Using google forms for feedback

Using google forms is proving to be a quick and easy way of getting feedback from students who use our Edinburgh campus library.  We have already been using them for recording quick, easily resolvable enquiries at the library service desk so decided to try them out last year for feedback.
The feedback that we wanted to capture was about the purpose of visits to the library and consisted of three questions
What is the purpose of your visit to the library today?
How long do you intend to stay in the library today?
If more facilities could be added to the library, which 3 are the most important?
There were a selection of options to choose from for questions 1 and 3.
The questions were printed out and handed to students to fill in at the library service desk.
We had 513 responses and the feedback helped to inform developments in the library last summer including the  installation of new group study spaces that have proven very popular with students.
Although the forms were printed out the responses were entered by staff into the google form online and this made it very easy to collate the responses and produce a summary.

This year, at the same time of year, we produced an updated form to collect feedback based again on the purpose of visits to the library. The questions were similar in that question 1 and 2 were the same and question 3 was ‘If more study spaces could be added to the library for next semester, which 3 are the most important’?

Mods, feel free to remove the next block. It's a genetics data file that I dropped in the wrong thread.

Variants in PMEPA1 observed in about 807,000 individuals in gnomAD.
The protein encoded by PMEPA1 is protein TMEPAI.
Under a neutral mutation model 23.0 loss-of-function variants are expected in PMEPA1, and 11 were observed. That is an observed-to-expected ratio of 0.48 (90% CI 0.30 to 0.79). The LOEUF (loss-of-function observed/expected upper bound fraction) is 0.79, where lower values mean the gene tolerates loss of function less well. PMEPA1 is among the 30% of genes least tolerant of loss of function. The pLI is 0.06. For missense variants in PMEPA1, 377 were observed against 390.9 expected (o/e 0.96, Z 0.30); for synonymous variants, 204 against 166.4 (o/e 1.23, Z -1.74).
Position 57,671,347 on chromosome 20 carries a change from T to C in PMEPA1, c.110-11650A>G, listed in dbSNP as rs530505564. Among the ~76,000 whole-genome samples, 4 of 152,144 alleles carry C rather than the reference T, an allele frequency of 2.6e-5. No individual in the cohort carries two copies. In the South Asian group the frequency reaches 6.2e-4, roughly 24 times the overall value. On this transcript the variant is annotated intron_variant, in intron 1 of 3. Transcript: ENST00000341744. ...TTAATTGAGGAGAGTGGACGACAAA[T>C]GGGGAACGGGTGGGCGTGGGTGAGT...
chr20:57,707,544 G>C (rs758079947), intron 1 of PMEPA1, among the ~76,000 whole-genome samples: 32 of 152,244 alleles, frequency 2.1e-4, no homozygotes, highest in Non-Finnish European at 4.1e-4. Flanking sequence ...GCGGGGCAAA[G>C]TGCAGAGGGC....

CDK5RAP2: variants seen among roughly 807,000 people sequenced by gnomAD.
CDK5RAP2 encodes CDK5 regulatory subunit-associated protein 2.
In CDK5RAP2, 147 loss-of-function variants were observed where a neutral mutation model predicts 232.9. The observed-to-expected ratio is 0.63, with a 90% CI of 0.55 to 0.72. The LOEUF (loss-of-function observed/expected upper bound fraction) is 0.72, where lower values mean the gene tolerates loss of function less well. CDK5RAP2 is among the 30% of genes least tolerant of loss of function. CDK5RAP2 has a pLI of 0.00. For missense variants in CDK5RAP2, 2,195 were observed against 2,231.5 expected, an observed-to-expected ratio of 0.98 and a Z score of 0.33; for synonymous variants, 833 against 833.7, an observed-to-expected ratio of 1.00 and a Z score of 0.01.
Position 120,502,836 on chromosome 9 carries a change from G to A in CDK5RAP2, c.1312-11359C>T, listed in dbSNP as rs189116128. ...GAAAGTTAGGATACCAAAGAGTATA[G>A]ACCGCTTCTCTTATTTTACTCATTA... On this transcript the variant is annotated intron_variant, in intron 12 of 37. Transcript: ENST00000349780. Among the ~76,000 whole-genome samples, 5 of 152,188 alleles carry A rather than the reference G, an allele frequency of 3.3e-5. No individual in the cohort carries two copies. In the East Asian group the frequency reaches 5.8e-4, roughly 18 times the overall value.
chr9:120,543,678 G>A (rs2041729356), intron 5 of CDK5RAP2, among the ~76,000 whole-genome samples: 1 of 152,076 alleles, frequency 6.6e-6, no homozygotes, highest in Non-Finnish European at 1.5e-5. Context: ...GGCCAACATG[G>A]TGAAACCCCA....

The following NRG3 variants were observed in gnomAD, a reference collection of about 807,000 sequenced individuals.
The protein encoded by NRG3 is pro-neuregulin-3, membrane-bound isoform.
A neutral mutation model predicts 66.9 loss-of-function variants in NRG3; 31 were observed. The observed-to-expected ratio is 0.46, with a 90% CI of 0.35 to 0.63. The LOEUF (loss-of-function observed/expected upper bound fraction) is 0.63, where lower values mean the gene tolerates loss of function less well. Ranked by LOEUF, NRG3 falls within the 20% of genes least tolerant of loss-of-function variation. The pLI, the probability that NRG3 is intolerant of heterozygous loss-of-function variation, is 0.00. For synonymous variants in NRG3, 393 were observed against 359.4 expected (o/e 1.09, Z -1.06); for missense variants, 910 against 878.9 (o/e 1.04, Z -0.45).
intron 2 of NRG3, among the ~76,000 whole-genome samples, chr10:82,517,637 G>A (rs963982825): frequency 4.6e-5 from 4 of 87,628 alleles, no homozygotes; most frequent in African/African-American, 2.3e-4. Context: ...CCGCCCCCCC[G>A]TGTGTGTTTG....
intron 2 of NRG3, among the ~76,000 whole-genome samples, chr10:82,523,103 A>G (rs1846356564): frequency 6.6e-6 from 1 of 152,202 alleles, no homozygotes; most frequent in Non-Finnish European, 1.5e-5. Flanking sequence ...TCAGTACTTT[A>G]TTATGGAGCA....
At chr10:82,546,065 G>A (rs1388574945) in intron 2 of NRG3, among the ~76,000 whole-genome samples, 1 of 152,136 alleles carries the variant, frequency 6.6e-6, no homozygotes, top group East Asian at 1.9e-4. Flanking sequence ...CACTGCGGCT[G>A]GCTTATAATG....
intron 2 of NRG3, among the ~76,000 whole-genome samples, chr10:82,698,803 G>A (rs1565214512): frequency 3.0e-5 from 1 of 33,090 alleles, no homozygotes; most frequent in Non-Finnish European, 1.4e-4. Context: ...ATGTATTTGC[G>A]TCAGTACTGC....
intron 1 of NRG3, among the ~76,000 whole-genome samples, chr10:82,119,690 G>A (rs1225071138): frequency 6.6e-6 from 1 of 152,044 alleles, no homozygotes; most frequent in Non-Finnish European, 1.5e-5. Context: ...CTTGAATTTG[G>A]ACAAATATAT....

Respondents could select more than one response.
Copies of the form were printed out and distributed at the Library service desk as before. Also in order to promote the form, a link to it was posted on the Information Services Facebook page and twitter feed.  This resulted in quite a few online responses – of the total 373 responses, 291 paper and 82 electronic.
The responses were input into the google form which automatically populates a spreadsheet of results. The other useful feature of a google form is that it automatically produces a summary of results in an easy to read format.

The results show a preference for individual study spaces which is a reflection of the time of year leading up to revision but also reflects the room usage figures that we collect.
Preferences for future developments show a demand for individual study spaces  and in fact more study spaces of all kinds. Students selected more than one type of study space that they would like to see in the future.

Purposeoflibraryvisit

purposepie morestudyfeedback

Leave a comment

Leave a Reply

Fill in your details below or click an icon to log in:

WordPress.com Logo

You are commenting using your WordPress.com account. Log Out / Change )

Twitter picture

You are commenting using your Twitter account. Log Out / Change )

Facebook photo

You are commenting using your Facebook account. Log Out / Change )

Google+ photo

You are commenting using your Google+ account. Log Out / Change )

Connecting to %s